Colorado teacher refuses to give abusive test

"Dateline: Greeley, Colorado. Teacher Refuses to Give Abusive Test... " The story that follows may be considered as a reminder of the time we have spent building this movement and with the Opt Out growing, it is in order. Here is how the Denver Post reported on a Colorado Opt Out story 13 years ago... Reminder: In 2001, Greeley, Colorado teacher Don Perl refused to administer the abusive state test. Here's how the Denver Post reported it.

Teacher stands alone, unbowed (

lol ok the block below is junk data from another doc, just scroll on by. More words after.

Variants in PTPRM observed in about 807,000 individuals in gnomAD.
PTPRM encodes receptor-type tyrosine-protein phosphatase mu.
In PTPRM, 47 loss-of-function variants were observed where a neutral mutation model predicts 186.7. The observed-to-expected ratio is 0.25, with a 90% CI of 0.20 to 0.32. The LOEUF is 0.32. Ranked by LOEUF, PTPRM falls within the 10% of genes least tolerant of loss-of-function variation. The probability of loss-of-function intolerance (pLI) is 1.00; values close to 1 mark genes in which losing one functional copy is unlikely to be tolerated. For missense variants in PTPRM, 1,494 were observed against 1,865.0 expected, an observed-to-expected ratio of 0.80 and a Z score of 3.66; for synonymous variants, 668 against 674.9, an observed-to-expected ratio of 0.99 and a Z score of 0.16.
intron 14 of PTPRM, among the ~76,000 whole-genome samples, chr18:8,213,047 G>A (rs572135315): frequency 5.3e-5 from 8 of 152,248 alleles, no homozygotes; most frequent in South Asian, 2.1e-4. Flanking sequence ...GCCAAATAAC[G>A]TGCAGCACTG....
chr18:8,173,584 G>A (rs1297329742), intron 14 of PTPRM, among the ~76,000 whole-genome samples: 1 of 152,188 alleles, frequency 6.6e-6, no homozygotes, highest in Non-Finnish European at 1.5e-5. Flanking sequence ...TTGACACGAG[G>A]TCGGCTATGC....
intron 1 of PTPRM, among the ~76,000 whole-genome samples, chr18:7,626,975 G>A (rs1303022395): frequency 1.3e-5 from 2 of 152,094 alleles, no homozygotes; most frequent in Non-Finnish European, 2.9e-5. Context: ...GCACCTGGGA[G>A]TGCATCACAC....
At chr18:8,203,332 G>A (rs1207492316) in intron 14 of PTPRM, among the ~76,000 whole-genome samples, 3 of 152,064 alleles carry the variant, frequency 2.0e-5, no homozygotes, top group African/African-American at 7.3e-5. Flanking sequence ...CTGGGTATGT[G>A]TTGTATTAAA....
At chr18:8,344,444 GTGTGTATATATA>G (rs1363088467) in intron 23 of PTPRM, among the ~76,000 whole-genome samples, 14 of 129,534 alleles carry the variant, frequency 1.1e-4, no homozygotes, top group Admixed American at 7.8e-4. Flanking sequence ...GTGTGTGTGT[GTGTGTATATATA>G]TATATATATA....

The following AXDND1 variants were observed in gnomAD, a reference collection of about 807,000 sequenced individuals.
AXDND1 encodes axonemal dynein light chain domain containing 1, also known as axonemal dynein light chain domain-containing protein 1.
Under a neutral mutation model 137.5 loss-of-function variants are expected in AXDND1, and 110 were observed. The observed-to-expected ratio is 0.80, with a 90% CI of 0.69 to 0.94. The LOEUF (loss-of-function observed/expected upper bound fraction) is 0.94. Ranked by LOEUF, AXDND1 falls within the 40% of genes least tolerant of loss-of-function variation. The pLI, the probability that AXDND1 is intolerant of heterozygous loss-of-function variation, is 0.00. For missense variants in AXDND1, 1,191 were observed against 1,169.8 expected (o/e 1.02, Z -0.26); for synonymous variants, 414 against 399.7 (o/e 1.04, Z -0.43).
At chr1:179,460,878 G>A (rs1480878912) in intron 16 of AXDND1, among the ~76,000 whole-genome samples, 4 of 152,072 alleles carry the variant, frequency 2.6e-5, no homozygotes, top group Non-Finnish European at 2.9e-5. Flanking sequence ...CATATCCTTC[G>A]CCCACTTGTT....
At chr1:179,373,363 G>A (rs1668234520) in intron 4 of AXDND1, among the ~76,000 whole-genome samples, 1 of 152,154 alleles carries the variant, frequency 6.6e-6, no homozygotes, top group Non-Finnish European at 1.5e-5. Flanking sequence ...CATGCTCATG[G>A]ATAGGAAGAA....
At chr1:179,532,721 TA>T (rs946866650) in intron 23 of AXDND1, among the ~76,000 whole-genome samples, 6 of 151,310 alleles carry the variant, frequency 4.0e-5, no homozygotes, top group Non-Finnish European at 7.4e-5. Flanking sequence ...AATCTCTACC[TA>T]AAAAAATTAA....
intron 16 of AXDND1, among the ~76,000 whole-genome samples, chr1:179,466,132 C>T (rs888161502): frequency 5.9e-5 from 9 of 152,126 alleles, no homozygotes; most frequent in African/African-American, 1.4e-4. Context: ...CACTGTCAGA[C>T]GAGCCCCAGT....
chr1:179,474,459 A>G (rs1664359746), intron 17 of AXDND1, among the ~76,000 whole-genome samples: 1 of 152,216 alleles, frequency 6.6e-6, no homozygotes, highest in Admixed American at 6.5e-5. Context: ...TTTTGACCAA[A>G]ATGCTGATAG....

The Opt Out movement in Colorado has been around for more than a decade.By Theresa Meyers The Denver Post Feb. 19, 2001 - GREELEY - In a classroom at John Evans Junior High School last week, Don Perl's students sat down with their No. 2 pencils and took the Colorado Student Assessment Program test just like their peers in hundreds of schools around the state. But Perl wasn't there. He wasn't even in the building. Perl, who has taught social studies and Spanish at John Evans for 19 years, refused to administer the test to his students. As a result, he was suspended for six days without pay - the same six days his students will be given the test by another teacher. "I know they are going to take the test," said Perl, a soft-spoken man with a bushy mustache and small stature. "All I can say is that it's wrong." On Jan. 25, Perl announced he would refuse to administer the CSAP test. He is protesting the use of the test results to reward and punish schools, and said he believes the test itself is biased, especially against students whose first language is not English. After months of reading about "highstakes" standardized testing, and even about how to boycott such a mandate, Perl said, he decided to take a stand. "The test itself is innocuous, but the way it is used is very dangerous," Perl said. "Originally, I just wanted to raise people's consciousness, begin a dialogue. I guess I've done that." Perl may have prompted discussions about the value of the assessments, but it appears he stands alone in his decision not to administer the test. Deborah Fallin, spokeswoman for the Colorado Education Association, said she's not heard of any other teacher taking a public stand against giving the CSAPs. That doesn't mean, Fallin said, that somewhere a teacher told his or her principal he didn't want to administer the test, and was simply given another assignment, quietly and without fanfare. "We have 33,000 members, and obviously we've talked about this," she said. "There are people who have supported Don, who believe he's taken a principled position." Perl said he didn't expect his colleagues to jump on his bandwagon. Teachers have to pick their own battles, he said. "Everybody has to follow his or her own heart," Perl said. "This is the first time I've ever had to do something like this alone. It's scary." Even though Perl's actions didn't start an avalanche of test boycotts, he said, his goal has been reached by getting more people to recognize the flaws in high-stakes testing. "Teachers don't really know they can do something," Perl said. "Somebody had to stand up an say this is wrong. I really didn't have anything to lose." Fallin said teachers are not generally opposed to standards and assessments. They are, however, opposed to test results being used to label schools or dole out rewards to teachers. "Basically teachers have said standards and assessments have changed the way they teach and the way students learn, and that change has been positive," Fallin said. "What is done politically with this is the problem." Perl agrees. He said he wouldn't oppose the test if it were used as one of many tools for teachers to assess the progress of their students. But the pressure the CSAPs put on teachers and students is not fair, he said. "You know, parents send us their children, and don't we have to do the best we can?" Perl said. "This test is not the best we can." Perl said he wasn't quite prepared for the media storm that rained on him after his announcement. But, he said, the one thing he didn't want to happen was to have the story focus on him, rather than on his message. "People will forget who Don Perl is, but maybe they won't forget the oppression of this test," he said. Perl admits the boycott changed his life. Although he has a notebook filled with telephone messages, letters and cards supporting his announcement, there have also been hang-up calls at his home and negative letters in the local newspapers. Perl said he will go back to school next week, "teach my classes and love my students - but it won't ever be quite the same." When asked whether he will administer the CSAP next year, Perl raised his index finger and traced a question mark in the air. "In its present form there is no way I could give it," he said. "I'm just going to keep speaking out against it." And "speak out" Don has done, forming the Coalition for Better Education (, the organization that encourages parent opt out, raises money to erect wonderful opt-out billboards (


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